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A Trophy Fish Checklist

by Dave Karczynski
photos by Arek Kubale

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If I had a time machine with a full tank of gas, I’d do a bunch of things, but before I took it back to the rental place I would take it for one last spin back to July 23rd, 2014—just a few weeks ago.  I was fishing the Bobr, a beautiful freestoner in the Karkanoszy Mountains of southwestern Poland, not far from the Czech-border, where I totally and utterly blew up my chance at my best fish in at least two years.  We were staying at the lodge of my friend Igor Glinda, in front of which a high bridge spans the river.  One morning Igor interrupted breakfast to tell us that the biggest fish he had seen in at least six months was underneath the bridge eating nymphs.  In the few minutes it took me to wader up he had a name and a backstory.  I tied on a size 12 Hare’s Ear and went to meet Stanislaw.

It would not be an easy feat.  Due the depth of the water behind the bridge, the only possible presentation was from upstream–a hiding spot behind a pylon.  I was so preoccupied with presenting from this position and getting him to eat that I didn’t take into account the fact that in order to stick the fish properly I would have to get on my toes, lift my rod over the bridge pylon and reach my arm behind the fish for a sweeping downstream hookset.

In any case, present I did.  He ate, I struck, he was there, he was gone.

Afterward I sat on the bridge and thought not only about my hookset, but about all those other things that would have had to go right for me to land the fish.  There was plenty I hadn’t taken into account.  Getting the presentation right to a wily trophy fish is hard enough.  I sat down and, with a deep and sorrowful breath, made a checklist of all those things I have should have thought about.

1. Identify Your Battleground

The first thing to consider is your plan for playing the fish.  What section of water represents your best chance to land this fish, and what can you do during the first few seconds of the fight—those first few seconds when hopefully the fish is more stunned and surprised than you—to dictate to the fish, if not the length of the battle, then at least the battle’s venue?  It’s worthwhile to also identify no-go zones—those points of no return where, if your fish surges, you’re prepared to push your tippet to the breaking point.

2.  Choose Two Possible Landing Areas

You should have a best case scenario in mind and a worst case scenario.  The best case scenario for landing a fish will hopefully be adjacent to your ideal battleground.  It will also ideally have some slack or slower water that will aid in your ability to guide a large fish into the net.  But it’s always a good idea to have a look downstream just in case things get away from you.

3. Re-Appraise Your Terminal Tackle

Double-check your connections.   Are you using very light tippet?  What’s the heaviest you can get away with?  Will switching over to fluoro get you one more crucial pound?  Maybe your weakest connection could be improved by an improved Alrbight or blood knot.  Have you checked for abrasion?  Better to retie.   How about your hook point?  Has your nymph been scraping stones all day?  Is it time to resharpen or swap out?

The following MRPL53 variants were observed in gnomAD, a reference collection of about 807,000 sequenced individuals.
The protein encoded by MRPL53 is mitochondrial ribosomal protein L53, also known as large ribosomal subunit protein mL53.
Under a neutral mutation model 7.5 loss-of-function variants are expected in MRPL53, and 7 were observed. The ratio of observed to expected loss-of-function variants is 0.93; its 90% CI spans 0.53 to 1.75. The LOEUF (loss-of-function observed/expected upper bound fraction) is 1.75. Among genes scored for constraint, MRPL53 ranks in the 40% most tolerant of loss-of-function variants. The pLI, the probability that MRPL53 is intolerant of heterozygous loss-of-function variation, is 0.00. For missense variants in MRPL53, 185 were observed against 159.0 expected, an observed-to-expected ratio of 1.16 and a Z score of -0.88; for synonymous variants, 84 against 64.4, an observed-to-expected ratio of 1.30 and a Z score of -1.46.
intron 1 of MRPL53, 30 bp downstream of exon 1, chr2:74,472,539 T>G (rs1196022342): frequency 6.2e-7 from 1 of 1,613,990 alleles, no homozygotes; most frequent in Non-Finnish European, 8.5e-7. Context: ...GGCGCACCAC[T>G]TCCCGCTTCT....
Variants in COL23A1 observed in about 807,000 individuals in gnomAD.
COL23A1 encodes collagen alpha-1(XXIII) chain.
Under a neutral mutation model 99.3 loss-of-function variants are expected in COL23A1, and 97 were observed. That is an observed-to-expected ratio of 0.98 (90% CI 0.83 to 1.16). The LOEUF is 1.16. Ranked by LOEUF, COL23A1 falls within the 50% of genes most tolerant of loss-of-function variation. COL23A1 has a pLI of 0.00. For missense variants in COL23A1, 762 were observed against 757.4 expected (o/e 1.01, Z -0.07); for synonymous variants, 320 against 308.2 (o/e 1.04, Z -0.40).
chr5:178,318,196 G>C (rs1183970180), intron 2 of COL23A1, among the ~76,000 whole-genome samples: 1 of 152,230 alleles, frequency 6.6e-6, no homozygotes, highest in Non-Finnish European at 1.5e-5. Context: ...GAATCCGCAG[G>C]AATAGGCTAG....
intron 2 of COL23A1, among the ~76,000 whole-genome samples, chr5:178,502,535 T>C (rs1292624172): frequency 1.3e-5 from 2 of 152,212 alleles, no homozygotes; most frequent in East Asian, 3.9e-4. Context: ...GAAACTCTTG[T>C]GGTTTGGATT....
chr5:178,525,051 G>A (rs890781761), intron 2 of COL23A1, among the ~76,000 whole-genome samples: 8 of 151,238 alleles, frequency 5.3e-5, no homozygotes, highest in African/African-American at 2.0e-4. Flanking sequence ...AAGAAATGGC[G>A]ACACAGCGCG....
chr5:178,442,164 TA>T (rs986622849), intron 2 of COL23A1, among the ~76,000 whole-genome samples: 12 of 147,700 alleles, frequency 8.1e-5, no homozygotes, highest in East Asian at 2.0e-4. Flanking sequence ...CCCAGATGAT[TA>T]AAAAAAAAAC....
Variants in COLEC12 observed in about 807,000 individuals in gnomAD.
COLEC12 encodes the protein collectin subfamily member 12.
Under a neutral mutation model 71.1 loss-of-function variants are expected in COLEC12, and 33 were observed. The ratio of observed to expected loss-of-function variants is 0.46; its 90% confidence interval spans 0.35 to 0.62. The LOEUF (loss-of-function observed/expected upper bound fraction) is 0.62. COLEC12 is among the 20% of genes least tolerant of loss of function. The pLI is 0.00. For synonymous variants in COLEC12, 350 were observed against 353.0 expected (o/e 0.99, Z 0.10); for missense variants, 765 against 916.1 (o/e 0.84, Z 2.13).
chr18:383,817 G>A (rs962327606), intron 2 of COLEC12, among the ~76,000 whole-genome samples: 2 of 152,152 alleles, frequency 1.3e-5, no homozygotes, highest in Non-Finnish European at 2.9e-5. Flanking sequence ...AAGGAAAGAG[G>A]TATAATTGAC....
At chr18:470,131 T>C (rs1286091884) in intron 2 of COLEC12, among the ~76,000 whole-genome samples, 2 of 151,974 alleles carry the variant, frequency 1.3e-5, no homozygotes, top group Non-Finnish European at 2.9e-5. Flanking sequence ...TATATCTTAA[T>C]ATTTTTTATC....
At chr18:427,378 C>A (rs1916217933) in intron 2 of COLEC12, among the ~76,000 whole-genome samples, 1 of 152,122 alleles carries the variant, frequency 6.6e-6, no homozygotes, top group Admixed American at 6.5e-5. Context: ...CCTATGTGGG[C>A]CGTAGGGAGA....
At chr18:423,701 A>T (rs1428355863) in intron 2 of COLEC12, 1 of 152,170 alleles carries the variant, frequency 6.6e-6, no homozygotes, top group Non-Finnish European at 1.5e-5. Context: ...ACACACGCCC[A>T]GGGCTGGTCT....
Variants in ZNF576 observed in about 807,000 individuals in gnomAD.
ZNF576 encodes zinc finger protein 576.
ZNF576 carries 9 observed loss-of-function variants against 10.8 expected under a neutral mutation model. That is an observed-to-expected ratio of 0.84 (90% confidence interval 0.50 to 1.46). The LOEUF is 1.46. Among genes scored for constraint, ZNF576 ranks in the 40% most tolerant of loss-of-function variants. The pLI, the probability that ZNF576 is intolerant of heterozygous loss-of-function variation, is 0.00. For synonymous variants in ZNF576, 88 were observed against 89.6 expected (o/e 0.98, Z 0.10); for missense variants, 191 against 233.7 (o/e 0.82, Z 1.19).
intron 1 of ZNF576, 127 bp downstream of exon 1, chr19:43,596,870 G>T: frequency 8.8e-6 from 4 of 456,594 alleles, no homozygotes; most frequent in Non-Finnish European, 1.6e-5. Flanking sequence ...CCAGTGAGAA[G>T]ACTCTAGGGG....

4. Get the Right Hookset

Where and how does your hookset need to happen?  Are you making a presentation from upstream?  If so, what rod motion are you going to use to make sure you get a downstream hookset and not simply pull the hook out of the fishes mouth?  Maybe you’re swinging a spey fly or mouse, in which case you should do absolutely nothing until you feel the weight of the fish.  Tell your nerves in advance what they need to do so they don’t react incorrectly.

5. Be Humble

Humility is what allows you to conceive of a checklist in the first place.  This is important, and should probably be at the top of the list.  It’s the one thing I most lacked before my encounter with Stanislaw.  In fact, before presenting to him I made the observation, that I had to that moment hooked and landed every one I had fished to that day.

Is the mental preparation needed to tango with a monster fish complicated?  A little.  But there are some fish you are only going to encounter a few times in your life.  Moving slowly, methodically and deliberately means that, when they finally do invent a time machine, you won’t need to use that last quarter tank to right past piscatorial wrongs.  You can see Hendrix, hang out with Vikings, bet on the Spurs to win it all.  Leave the fishing for the here and now.

 

MidCurrent Fly Fishing
 
Dave Karczynski's writing has appeared in The Flyfish Journal, Fly Rod & Reel, The Drake, Fly Fusion and others. A Robert Traver Award winner, he lives in Ann Arbor, Michigan, where he teaches writing and photography at the University of Michigan.
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  • Whitefish

    Thanks to your artful expression of that poignant experience, I was there…and happily and ignorantly will likely be again. Due to my naturally mindless exuberance about fishing…much like my dog chasing rabbits around old farm equipment…I will get hurt…at least emotionally if not physically. I am doomed to expect my tippet to withstand boulder fields and root balls and not be surprised when it miraculously does….like I expect her to be when she actually nabs one.

  • Matthew Supinski

    fantastyczny Davusz!